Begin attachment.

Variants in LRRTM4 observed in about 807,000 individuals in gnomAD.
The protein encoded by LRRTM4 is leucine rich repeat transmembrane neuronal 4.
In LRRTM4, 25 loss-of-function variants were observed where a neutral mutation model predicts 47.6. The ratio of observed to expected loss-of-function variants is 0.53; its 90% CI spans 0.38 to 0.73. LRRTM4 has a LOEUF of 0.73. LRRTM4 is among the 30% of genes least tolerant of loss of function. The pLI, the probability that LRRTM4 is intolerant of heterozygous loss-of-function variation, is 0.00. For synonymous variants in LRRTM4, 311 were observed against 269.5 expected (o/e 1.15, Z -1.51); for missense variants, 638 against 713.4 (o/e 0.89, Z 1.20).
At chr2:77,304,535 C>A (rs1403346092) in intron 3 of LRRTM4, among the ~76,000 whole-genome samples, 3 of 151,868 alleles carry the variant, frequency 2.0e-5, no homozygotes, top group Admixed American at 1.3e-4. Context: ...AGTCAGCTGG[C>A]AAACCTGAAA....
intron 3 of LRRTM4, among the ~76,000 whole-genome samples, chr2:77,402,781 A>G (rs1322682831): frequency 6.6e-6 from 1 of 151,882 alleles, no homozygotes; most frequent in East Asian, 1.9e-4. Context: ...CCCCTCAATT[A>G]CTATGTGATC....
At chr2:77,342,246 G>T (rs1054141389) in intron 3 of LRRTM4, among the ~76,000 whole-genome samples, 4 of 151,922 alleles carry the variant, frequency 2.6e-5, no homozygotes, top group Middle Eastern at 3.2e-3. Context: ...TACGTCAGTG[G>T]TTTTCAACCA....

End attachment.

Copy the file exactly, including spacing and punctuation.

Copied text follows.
Variants in LRRTM4 observed in about 807,000 individuals in gnomAD.
The protein encoded by LRRTM4 is leucine rich repeat transmembrane neuronal 4.
In LRRTM4, 25 loss-of-function variants were observed where a neutral mutation model predicts 47.6. The ratio of observed to expected loss-of-function variants is 0.53; its 90% CI spans 0.38 to 0.73. LRRTM4 has a LOEUF of 0.73. LRRTM4 is among the 30% of genes least tolerant of loss of function. The pLI, the probability that LRRTM4 is intolerant of heterozygous loss-of-function variation, is 0.00. For synonymous variants in LRRTM4, 311 were observed against 269.5 expected (o/e 1.15, Z -1.51); for missense variants, 638 against 713.4 (o/e 0.89, Z 1.20).
At chr2:77,304,535 C>A (rs1403346092) in intron 3 of LRRTM4, among the ~76,000 whole-genome samples, 3 of 151,868 alleles carry the variant, frequency 2.0e-5, no homozygotes, top group Admixed American at 1.3e-4. Context: ...AGTCAGCTGG[C>A]AAACCTGAAA....
intron 3 of LRRTM4, among the ~76,000 whole-genome samples, chr2:77,402,781 A>G (rs1322682831): frequency 6.6e-6 from 1 of 151,882 alleles, no homozygotes; most frequent in East Asian, 1.9e-4. Context: ...CCCCTCAATT[A>G]CTATGTGATC....
At chr2:77,342,246 G>T (rs1054141389) in intron 3 of LRRTM4, among the ~76,000 whole-genome samples, 4 of 151,922 alleles carry the variant, frequency 2.6e-5, no homozygotes, top group Middle Eastern at 3.2e-3. Context: ...TACGTCAGTG[G>T]TTTTCAACCA....